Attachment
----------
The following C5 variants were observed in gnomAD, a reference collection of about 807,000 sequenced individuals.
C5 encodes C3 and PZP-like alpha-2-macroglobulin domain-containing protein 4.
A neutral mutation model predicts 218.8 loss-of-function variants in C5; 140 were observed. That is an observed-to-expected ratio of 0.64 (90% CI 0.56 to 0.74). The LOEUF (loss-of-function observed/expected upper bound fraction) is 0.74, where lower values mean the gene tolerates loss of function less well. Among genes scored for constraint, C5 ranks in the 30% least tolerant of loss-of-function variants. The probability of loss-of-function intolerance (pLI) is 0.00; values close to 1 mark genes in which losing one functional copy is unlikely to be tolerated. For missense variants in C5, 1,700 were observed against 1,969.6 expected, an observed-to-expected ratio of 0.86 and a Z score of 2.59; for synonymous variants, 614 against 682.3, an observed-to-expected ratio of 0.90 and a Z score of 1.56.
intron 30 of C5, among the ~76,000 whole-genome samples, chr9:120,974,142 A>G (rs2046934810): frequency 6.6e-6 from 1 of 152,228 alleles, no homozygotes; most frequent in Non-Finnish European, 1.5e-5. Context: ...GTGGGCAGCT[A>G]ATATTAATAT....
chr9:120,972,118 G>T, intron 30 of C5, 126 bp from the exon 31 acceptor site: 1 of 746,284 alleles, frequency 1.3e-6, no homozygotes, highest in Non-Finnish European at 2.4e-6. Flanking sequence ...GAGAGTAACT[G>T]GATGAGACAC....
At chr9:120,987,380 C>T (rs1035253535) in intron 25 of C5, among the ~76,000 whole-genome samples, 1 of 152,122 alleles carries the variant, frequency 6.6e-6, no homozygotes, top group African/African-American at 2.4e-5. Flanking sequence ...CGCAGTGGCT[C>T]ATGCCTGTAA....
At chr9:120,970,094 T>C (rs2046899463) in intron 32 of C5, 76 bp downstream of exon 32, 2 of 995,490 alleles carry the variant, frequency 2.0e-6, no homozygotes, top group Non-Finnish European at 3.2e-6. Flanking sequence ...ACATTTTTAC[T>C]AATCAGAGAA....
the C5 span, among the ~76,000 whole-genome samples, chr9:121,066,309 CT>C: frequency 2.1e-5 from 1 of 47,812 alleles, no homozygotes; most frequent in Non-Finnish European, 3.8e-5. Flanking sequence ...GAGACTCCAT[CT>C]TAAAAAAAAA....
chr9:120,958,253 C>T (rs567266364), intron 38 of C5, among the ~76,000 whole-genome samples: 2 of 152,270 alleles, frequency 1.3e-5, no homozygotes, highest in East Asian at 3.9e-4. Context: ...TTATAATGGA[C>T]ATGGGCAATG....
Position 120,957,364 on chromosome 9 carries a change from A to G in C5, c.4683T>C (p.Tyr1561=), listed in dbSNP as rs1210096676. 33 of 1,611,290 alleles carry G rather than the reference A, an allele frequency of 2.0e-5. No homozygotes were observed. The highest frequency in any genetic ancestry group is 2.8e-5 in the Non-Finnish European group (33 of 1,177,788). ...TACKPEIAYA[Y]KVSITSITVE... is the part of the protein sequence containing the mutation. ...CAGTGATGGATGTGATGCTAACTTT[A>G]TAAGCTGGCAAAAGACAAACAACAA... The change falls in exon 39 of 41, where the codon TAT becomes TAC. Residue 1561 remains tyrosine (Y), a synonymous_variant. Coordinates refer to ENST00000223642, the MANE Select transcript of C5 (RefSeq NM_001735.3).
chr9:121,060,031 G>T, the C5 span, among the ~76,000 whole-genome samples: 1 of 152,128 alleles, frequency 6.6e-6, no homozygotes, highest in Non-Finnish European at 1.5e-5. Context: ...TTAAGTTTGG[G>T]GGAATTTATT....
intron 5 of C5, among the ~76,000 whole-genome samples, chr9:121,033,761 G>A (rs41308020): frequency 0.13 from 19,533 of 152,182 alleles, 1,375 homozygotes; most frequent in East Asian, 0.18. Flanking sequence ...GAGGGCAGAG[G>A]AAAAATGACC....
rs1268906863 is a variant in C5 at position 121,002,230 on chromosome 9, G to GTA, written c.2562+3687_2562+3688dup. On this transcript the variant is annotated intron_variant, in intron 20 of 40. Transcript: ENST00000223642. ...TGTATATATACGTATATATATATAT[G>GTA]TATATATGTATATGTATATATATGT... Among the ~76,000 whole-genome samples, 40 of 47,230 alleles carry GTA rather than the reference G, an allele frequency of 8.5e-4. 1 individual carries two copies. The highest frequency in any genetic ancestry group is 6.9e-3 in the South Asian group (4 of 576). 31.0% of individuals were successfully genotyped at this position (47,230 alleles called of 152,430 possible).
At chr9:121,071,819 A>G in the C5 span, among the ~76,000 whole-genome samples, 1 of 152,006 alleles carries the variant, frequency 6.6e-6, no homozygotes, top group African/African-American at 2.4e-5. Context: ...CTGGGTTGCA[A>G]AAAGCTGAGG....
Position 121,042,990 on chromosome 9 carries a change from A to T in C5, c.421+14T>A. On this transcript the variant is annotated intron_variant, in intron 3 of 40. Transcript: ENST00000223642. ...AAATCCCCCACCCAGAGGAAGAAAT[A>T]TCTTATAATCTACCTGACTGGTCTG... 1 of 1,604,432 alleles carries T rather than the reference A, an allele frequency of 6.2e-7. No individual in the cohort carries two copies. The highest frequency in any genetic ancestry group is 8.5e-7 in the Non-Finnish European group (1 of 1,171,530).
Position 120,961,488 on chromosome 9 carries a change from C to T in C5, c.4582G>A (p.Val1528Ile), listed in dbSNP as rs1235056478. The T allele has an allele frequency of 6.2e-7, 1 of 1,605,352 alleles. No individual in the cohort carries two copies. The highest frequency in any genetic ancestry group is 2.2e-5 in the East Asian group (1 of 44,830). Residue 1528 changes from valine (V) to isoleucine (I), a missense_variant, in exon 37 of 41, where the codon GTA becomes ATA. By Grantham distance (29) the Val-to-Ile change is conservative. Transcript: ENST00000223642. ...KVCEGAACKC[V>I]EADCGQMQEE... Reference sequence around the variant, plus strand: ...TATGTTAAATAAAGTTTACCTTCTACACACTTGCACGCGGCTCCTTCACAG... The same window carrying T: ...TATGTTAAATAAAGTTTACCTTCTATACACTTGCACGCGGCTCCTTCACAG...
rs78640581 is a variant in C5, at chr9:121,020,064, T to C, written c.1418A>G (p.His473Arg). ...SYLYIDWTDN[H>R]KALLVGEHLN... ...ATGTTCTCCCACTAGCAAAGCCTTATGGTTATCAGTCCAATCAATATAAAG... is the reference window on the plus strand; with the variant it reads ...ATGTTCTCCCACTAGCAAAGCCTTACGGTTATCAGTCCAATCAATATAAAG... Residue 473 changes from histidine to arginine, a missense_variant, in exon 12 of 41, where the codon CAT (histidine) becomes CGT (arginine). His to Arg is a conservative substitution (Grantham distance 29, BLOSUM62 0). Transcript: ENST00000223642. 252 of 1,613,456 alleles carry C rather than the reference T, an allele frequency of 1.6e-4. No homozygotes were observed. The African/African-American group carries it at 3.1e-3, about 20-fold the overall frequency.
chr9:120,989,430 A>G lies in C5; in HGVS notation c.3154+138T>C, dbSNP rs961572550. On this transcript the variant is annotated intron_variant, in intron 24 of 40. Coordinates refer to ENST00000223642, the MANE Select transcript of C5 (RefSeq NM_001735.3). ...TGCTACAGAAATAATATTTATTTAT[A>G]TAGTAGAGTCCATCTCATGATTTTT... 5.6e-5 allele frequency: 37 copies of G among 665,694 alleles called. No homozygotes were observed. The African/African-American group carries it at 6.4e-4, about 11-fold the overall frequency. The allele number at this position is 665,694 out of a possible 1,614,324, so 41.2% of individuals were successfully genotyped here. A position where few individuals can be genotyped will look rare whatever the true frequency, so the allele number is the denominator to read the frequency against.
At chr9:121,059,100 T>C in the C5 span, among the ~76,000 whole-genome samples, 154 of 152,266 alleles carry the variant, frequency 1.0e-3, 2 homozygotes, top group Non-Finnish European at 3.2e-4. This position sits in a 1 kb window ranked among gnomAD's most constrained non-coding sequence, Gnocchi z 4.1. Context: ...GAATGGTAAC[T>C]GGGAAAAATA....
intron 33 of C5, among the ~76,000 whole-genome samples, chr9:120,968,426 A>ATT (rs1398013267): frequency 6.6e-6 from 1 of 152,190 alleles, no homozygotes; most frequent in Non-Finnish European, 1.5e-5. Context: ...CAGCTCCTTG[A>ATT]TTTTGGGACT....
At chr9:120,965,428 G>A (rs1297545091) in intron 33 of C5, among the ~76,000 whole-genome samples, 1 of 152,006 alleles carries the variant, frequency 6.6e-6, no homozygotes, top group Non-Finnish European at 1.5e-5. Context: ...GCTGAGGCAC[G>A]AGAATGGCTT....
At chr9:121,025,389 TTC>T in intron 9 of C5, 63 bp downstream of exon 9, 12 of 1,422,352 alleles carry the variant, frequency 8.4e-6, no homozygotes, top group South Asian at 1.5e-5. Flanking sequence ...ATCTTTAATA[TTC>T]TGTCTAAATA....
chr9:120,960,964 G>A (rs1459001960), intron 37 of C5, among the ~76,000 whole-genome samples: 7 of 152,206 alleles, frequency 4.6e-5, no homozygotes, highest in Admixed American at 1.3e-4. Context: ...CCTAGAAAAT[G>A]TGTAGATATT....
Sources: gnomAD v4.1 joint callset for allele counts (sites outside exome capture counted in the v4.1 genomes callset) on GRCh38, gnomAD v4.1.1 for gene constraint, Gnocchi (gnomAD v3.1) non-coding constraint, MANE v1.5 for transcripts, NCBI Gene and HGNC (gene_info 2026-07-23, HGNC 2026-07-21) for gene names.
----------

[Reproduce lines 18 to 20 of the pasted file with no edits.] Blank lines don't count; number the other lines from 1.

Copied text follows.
chr9:120,989,430 A>G lies in C5; in HGVS notation c.3154+138T>C, dbSNP rs961572550. On this transcript the variant is annotated intron_variant, in intron 24 of 40. Coordinates refer to ENST00000223642, the MANE Select transcript of C5 (RefSeq NM_001735.3). ...TGCTACAGAAATAATATTTATTTAT[A>G]TAGTAGAGTCCATCTCATGATTTTT... 5.6e-5 allele frequency: 37 copies of G among 665,694 alleles called. No homozygotes were observed. The African/African-American group carries it at 6.4e-4, about 11-fold the overall frequency. The allele number at this position is 665,694 out of a possible 1,614,324, so 41.2% of individuals were successfully genotyped here. A position where few individuals can be genotyped will look rare whatever the true frequency, so the allele number is the denominator to read the frequency against.
At chr9:121,059,100 T>C in the C5 span, among the ~76,000 whole-genome samples, 154 of 152,266 alleles carry the variant, frequency 1.0e-3, 2 homozygotes, top group Non-Finnish European at 3.2e-4. This position sits in a 1 kb window ranked among gnomAD's most constrained non-coding sequence, Gnocchi z 4.1. Context: ...GAATGGTAAC[T>C]GGGAAAAATA....
intron 33 of C5, among the ~76,000 whole-genome samples, chr9:120,968,426 A>ATT (rs1398013267): frequency 6.6e-6 from 1 of 152,190 alleles, no homozygotes; most frequent in Non-Finnish European, 1.5e-5. Context: ...CAGCTCCTTG[A>ATT]TTTTGGGACT....